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Development of genetic and genomic resources for improving seed quality traits in faba bean

Samson Ugwuanyi

Associated student, JLU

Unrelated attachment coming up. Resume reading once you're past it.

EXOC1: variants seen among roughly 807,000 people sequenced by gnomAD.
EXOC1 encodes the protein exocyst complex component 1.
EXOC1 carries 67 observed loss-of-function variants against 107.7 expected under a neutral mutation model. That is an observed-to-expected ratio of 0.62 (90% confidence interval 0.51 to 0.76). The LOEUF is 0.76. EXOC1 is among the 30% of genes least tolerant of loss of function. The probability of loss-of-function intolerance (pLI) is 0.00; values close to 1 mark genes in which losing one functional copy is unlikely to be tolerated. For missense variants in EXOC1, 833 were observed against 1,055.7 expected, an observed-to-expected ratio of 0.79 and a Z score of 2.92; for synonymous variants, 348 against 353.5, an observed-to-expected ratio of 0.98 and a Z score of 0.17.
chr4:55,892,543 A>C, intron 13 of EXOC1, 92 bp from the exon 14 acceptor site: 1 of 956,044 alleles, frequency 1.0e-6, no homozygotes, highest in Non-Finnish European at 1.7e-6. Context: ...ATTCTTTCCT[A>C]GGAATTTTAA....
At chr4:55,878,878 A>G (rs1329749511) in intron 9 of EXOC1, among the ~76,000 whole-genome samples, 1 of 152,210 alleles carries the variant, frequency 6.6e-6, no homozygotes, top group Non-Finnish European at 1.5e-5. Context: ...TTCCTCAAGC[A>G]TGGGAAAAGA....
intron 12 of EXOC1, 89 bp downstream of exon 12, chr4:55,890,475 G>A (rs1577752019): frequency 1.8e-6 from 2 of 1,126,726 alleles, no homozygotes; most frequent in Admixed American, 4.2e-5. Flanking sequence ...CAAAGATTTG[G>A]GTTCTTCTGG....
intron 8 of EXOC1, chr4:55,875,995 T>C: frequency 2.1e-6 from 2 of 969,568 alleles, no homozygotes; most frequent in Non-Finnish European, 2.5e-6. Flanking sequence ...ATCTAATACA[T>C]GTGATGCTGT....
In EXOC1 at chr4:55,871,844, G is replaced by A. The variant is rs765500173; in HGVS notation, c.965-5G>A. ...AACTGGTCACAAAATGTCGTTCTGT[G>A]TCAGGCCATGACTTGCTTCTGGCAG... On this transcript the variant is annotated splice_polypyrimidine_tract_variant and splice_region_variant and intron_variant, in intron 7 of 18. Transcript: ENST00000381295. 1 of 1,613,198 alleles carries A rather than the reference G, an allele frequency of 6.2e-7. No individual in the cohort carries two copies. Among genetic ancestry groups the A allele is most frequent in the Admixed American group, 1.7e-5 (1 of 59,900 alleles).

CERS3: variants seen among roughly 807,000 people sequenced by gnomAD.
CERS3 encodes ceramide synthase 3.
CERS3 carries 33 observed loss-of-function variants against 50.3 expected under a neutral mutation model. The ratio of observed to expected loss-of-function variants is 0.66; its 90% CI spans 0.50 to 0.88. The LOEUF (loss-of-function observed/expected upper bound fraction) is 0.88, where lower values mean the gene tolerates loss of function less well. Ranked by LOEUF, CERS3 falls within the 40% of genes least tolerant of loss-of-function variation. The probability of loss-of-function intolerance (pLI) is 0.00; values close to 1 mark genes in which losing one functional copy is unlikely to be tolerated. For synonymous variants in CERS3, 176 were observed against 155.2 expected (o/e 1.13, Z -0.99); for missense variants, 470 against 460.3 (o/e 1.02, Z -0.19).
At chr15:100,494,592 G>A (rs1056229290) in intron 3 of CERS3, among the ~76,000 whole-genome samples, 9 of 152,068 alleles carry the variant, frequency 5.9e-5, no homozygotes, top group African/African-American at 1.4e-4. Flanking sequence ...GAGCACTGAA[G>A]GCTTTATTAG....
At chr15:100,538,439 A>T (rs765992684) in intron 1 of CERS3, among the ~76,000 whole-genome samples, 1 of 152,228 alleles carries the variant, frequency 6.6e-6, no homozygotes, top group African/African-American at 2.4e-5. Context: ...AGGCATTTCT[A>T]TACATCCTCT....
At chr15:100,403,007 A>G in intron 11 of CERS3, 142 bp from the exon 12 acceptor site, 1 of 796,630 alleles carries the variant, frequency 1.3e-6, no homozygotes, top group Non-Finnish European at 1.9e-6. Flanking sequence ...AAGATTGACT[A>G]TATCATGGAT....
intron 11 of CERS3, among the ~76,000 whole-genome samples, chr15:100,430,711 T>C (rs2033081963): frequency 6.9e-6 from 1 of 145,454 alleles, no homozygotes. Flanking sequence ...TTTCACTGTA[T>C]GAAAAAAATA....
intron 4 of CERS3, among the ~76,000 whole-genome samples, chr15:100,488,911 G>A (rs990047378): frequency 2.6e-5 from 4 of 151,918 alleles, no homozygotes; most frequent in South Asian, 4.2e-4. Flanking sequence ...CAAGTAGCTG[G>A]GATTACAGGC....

My research focuses on unravelling the genetic basis of vicine and convicine contents in faba bean (Vicia faba L.), a globally important annual grain legume known for its highly nutritious seeds. Faba bean serves as a significant source of food and feed for both humans and animals. However, the presence of antinutrients, vicine-convicine (v-c), limits its agronomic relevance and poses health risks. These compounds can induce oxidative stress on red blood cells, resulting in favism, a condition affecting approximately 400 million people worldwide. To ensure the safety of faba bean for human consumption and optimize its use in animal feed, it is crucial to reduce or eliminate these compounds. Recent studies have identified the gene VC1 as a key regulator in the v-c biosynthetic pathway. However, the impact of structural variations, such as copy number variations and InDels, in VC1 genes remains poorly understood. Therefore, my research aims to elucidate the genetic mechanisms underlying v-c contents in faba bean. This will pave the way for improved breeding strategies and the development of faba bean varieties with no/reduced vicine-convicine. The specific objectives include: 1) dissecting the structural variations in VC1 genes; 2) identifying functional polymorphisms that are associated with variations in v-c phenotype; 3) developing reliable KASP markers to efficiently select lines with desired v-c phenotype, and 4) utilizing the markers to develop low v-c lines through marker-assisted backcrossing.

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